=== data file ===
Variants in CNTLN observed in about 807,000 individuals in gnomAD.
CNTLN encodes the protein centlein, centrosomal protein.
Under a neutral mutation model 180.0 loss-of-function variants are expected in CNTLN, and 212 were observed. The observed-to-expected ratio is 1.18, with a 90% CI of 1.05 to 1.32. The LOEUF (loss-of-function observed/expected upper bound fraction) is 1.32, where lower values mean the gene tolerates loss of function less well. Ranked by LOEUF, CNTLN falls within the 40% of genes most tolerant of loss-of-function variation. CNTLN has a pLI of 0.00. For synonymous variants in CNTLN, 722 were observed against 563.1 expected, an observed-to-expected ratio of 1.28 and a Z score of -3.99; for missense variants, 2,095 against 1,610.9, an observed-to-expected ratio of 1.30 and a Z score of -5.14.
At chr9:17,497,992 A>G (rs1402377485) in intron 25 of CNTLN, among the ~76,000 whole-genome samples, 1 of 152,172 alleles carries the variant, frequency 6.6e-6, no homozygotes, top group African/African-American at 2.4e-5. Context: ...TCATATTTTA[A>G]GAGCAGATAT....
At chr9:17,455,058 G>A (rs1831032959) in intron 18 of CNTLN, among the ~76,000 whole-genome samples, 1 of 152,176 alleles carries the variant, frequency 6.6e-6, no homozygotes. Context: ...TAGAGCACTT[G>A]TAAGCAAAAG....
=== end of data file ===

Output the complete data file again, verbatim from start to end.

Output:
Variants in CNTLN observed in about 807,000 individuals in gnomAD.
CNTLN encodes the protein centlein, centrosomal protein.
Under a neutral mutation model 180.0 loss-of-function variants are expected in CNTLN, and 212 were observed. The observed-to-expected ratio is 1.18, with a 90% CI of 1.05 to 1.32. The LOEUF (loss-of-function observed/expected upper bound fraction) is 1.32, where lower values mean the gene tolerates loss of function less well. Ranked by LOEUF, CNTLN falls within the 40% of genes most tolerant of loss-of-function variation. CNTLN has a pLI of 0.00. For synonymous variants in CNTLN, 722 were observed against 563.1 expected, an observed-to-expected ratio of 1.28 and a Z score of -3.99; for missense variants, 2,095 against 1,610.9, an observed-to-expected ratio of 1.30 and a Z score of -5.14.
At chr9:17,497,992 A>G (rs1402377485) in intron 25 of CNTLN, among the ~76,000 whole-genome samples, 1 of 152,172 alleles carries the variant, frequency 6.6e-6, no homozygotes, top group African/African-American at 2.4e-5. Context: ...TCATATTTTA[A>G]GAGCAGATAT....
At chr9:17,455,058 G>A (rs1831032959) in intron 18 of CNTLN, among the ~76,000 whole-genome samples, 1 of 152,176 alleles carries the variant, frequency 6.6e-6, no homozygotes. Context: ...TAGAGCACTT[G>A]TAAGCAAAAG....